Camping in your RV can be a lot of fun and relieve a lot of the logistics pressure off of you. However, there are also a lot of moving parts to make this happen and making sure the whole RV is functioning properly and regularly cared for is going to need to be a priority between trips so you don’t have to worry about it when you’re trying to enjoy yourself. One such area is your water system. It’s a complicated system, but with diligence and the right information, you can make caring for it much easier. RV Station Colbert has provided a guide to cleaning your grey water tank to help you break down one aspect of this process, but if you need help for the rest, contact our service station in Colbert, Oklahoma. We also serve Sherman and McKinney, Texas.
What is a Grey Water Tank?
Before we get too ahead of ourselves, let’s take a step back and make sure everyone is on the same page. Your RV’s water system has a lot of complex, moving parts, although for our purposes, it’s actually relatively simple.
There are three ways to break down the liquids that move through your system. You have your fresh water that supplies all water to the RV, and then there are two areas where wastewater is disposed. Black water tanks are strictly for sewage. Anything else, like sink water, shower water, and water from your dishwasher if you have one, goes to the gray water tank, which is where we’ll be focusing today.
Dumping the Tank
Now that we know where we are, it’s time to start the cleaning process. First, you’ll want to dump the existing contents, no matter how empty it may be. Note: all tanks should be emptied when they’re full, and for the grey water tank, “full” means 75% (luckily, most tanks come with their own monitor, so you won’t have to open it up to check).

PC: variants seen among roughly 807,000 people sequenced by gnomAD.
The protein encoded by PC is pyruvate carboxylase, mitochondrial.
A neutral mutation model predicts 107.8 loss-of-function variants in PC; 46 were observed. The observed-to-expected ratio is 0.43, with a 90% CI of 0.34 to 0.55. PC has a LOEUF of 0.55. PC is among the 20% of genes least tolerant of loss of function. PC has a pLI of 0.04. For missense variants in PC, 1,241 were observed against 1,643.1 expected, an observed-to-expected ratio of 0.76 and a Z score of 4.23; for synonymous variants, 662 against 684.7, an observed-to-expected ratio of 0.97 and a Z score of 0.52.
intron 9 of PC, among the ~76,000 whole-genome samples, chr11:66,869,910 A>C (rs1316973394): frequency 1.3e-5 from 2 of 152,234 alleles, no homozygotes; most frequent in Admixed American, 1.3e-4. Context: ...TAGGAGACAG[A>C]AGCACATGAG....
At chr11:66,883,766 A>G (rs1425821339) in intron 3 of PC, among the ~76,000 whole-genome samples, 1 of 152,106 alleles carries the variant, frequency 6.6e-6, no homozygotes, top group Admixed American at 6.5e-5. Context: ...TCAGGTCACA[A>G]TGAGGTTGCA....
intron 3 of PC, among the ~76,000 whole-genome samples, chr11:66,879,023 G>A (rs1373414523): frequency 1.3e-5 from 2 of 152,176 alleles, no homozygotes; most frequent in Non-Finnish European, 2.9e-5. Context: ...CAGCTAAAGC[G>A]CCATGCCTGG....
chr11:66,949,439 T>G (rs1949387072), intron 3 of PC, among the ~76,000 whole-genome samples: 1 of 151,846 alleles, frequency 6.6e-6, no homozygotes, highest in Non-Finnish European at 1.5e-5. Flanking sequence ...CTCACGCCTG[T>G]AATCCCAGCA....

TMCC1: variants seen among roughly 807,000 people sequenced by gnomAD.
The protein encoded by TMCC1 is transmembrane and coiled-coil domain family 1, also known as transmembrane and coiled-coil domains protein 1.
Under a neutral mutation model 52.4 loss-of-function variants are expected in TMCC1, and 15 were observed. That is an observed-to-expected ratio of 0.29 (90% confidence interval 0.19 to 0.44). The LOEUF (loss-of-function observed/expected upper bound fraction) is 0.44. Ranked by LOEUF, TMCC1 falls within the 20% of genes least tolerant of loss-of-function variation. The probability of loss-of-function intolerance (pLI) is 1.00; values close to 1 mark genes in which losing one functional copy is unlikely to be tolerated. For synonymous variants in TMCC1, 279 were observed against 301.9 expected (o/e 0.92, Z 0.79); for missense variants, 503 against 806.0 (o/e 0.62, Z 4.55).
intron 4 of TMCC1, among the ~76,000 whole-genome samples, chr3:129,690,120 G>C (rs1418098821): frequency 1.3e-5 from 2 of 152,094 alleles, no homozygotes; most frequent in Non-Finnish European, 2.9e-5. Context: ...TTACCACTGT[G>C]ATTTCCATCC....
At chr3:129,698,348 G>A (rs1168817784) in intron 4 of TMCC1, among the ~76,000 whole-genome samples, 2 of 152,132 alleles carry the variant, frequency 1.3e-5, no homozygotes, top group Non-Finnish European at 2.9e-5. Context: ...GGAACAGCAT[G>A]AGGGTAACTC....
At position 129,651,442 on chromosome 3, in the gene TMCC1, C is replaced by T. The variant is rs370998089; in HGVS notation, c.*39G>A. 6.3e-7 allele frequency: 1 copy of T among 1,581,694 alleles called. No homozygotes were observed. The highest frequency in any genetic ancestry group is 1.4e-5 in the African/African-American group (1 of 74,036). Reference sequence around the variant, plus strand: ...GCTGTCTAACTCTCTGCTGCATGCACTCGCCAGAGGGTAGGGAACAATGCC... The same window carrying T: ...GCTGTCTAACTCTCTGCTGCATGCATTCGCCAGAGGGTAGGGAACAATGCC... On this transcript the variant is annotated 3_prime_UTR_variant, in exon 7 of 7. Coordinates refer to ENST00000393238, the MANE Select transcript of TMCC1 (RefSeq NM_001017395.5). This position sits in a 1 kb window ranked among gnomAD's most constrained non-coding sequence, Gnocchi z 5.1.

Start by pouring dish detergent down the drain and wash it down with hot water for a couple minutes. If you really want to get a good slosh going, consider driving your camper around for a little bit. Then, go to your nearest dump site and hook up your grey water tank to the dump hole using a sewer hose. Open the valve and allow the tank to empty. As one final touch, add a chemical treatment product to prevent buildup and avoid odors.
Cleaning the Tank
Don’t remove the hose yet, as it’s time to clean the tank. Run fresh water through the tank for a while, and then you can disconnect. Follow up with a little more treatment and you should be good to go.
If you’re cleaning all three tanks, then don’t start with the grey water tank. It’s better to start with the black water tank and work your way up the clean scale to the freshwater tank. This is so you can simultaneously clean your sewage hose.
Finally, keep in mind that the methane from your grey water tank is considered a source of pollution. Any leaks, regardless of how intentional they may be, can lead to hefty fees. That’s why you’ll want to regularly check that all valves are closed while you’re moving around and to limit all dumps to a dump site, rather than in the ground.
While this probably isn’t going to be your favorite part on your RV to clean, it’s an important part of everyday life for you, so making sure everything is running smoothly is going to be very important. That’s why we’re ready to answer all questions you may have about your RV.
This information is for educational purposes. VIARV shall not be responsible nor retain liability for RVer’s use of the provided information. Prior to making any RV service decision, you are advised to consult with an RV professional.